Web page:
- Love, Poverty & War by Christopher Hitchens
- Dreams Must Explain Themselves by Ursula K Le Guin
Firstly I just want to say that I was really disappointed with these books. As I like writing non-fiction and essays I thought that I would buy some books of essays by famous writers. I generally found them really dry and sterile. I’d recently read Tao the Watercourse Way by Alan Watts and I was wishing for something more playful. But both Le Guin and Hitchens write more like journalists. The world’s they present are quite dreary. I found both of them quite opinionated and nit picking.
A highlight of Hitchens book is the essay about Sunset Boulevard which explores amongst other things Los Angeles’ links to Weimar Germany. His reviews of Joyce and Borges are pretty interesting and the travelogue from North Korea is good. I found his review of Michael Moore’s film quite depressing and boring and just his politics generally. I found that he was a bit of a contrarian.
Le Guin harps on a bit too much about the craft of writing. She had interesting views on anthropology and anarchism and I wanted to see her explore more of those ideas rather than keep banging the drum for fantasy and how her characters have a life of her own. Le Guin is quite funny though and very writerly. Sometimes it’s worth just ploughing through and otherwise boring essay for that perfectly crafted sentence or allusion.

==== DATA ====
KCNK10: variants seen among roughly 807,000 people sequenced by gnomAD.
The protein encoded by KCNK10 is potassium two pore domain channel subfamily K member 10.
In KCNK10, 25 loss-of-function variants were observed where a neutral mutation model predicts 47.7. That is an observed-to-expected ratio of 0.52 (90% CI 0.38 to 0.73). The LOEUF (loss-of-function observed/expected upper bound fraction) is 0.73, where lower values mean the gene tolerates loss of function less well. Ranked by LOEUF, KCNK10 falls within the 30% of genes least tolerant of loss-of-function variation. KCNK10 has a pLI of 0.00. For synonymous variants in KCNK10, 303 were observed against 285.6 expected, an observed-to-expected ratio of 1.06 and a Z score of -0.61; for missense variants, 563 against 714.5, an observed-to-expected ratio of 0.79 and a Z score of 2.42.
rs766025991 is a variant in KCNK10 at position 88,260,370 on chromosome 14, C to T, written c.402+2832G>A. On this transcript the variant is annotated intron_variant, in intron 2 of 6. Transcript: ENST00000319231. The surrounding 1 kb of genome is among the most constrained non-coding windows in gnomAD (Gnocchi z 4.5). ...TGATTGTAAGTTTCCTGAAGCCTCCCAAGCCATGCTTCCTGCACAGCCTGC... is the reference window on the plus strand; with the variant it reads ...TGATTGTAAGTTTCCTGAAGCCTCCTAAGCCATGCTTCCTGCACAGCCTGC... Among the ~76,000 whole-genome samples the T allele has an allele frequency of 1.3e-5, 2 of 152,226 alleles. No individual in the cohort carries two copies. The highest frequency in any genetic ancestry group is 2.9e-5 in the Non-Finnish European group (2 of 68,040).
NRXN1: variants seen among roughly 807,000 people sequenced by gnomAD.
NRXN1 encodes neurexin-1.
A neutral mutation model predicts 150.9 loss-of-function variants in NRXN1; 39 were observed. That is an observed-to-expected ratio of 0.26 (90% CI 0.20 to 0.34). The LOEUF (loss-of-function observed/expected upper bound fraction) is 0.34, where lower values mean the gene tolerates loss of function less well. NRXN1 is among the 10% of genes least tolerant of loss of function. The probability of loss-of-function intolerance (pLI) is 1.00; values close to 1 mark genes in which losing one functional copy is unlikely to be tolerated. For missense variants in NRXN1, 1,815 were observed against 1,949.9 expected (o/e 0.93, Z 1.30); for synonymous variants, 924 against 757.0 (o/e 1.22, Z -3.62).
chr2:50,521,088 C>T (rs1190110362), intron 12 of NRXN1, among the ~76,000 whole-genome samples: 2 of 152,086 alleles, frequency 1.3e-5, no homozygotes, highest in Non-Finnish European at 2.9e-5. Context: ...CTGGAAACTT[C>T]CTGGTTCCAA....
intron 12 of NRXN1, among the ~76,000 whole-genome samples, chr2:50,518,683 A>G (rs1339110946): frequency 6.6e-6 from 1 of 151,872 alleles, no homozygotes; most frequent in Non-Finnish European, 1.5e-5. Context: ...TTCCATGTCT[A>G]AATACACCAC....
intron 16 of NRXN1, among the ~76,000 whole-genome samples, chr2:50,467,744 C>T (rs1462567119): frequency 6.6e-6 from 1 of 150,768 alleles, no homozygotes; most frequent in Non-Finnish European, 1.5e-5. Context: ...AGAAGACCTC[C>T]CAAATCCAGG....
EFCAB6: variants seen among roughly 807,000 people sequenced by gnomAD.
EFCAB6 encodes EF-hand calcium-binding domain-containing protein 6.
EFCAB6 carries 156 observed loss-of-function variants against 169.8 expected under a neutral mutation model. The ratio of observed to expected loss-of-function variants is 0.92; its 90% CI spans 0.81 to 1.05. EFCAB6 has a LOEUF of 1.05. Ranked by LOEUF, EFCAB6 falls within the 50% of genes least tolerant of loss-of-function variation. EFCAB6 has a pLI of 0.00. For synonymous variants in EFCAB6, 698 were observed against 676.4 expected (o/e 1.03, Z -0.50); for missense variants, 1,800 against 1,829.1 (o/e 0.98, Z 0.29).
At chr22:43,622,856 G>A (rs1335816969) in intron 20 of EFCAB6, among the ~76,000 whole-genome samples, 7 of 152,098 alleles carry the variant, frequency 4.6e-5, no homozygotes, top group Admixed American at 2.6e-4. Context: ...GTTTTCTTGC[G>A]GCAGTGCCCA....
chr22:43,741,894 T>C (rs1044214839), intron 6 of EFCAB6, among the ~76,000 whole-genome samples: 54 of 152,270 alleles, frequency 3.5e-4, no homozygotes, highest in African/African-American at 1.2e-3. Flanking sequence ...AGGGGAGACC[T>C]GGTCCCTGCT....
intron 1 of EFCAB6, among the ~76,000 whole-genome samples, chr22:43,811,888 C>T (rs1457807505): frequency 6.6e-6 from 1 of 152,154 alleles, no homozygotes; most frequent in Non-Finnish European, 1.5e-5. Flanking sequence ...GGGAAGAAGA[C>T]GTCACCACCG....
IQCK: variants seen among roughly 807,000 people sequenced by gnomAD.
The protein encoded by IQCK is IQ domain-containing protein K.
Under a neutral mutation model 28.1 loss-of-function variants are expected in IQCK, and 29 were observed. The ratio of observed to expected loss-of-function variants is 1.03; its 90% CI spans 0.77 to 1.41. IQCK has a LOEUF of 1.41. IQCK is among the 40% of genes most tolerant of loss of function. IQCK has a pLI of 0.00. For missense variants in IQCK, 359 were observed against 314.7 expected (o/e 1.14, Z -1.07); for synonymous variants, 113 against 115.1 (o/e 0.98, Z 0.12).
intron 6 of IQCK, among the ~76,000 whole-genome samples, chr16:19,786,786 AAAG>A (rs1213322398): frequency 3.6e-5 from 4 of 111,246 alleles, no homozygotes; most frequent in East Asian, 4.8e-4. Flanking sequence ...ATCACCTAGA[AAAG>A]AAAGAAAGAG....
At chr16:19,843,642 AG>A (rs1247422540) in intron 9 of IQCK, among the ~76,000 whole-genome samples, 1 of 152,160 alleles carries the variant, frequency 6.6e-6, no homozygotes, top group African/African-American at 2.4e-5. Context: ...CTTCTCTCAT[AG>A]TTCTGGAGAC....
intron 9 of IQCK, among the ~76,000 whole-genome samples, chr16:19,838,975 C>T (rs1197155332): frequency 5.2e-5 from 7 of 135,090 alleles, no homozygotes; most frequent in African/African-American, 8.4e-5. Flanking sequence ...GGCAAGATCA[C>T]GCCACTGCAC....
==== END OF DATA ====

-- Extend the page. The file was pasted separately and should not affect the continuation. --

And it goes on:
I do wish more writers could be playful like Alan Watts or Benjamin Hoff. There is a book called Zen Mind Beginners Mind by Suzuki Rossi which also has that playful edge.
I suspect as Hitchens was actually a journalist that he was quite absorbed in the world of politics’ day to day goings on and machinations and probably would regard Watts and Hoff as lightheaded. But even to take something a bit more serious such as the nature writings of Jung edited by Meredith Sabrini they felt worth reading on interesting topics. Le Guin wasn’t by instinct an essayist but I get bored with he4 screeds about the art of writing (as it mostly deals with fiction and fantasy).
Yes so I was disappointed. I’m not sure where to go for my own inspiration. I feel like looking more to poets like Leonard Cohen or Hafiz but I am not schooled in rhyme and meter. There doesn’t seem to be a niche for something that combines elements of the essay and elements of poetry. Anyway aside from occasional highs such as the essay about Los Angeles these two books of essays left me bored and annoyed.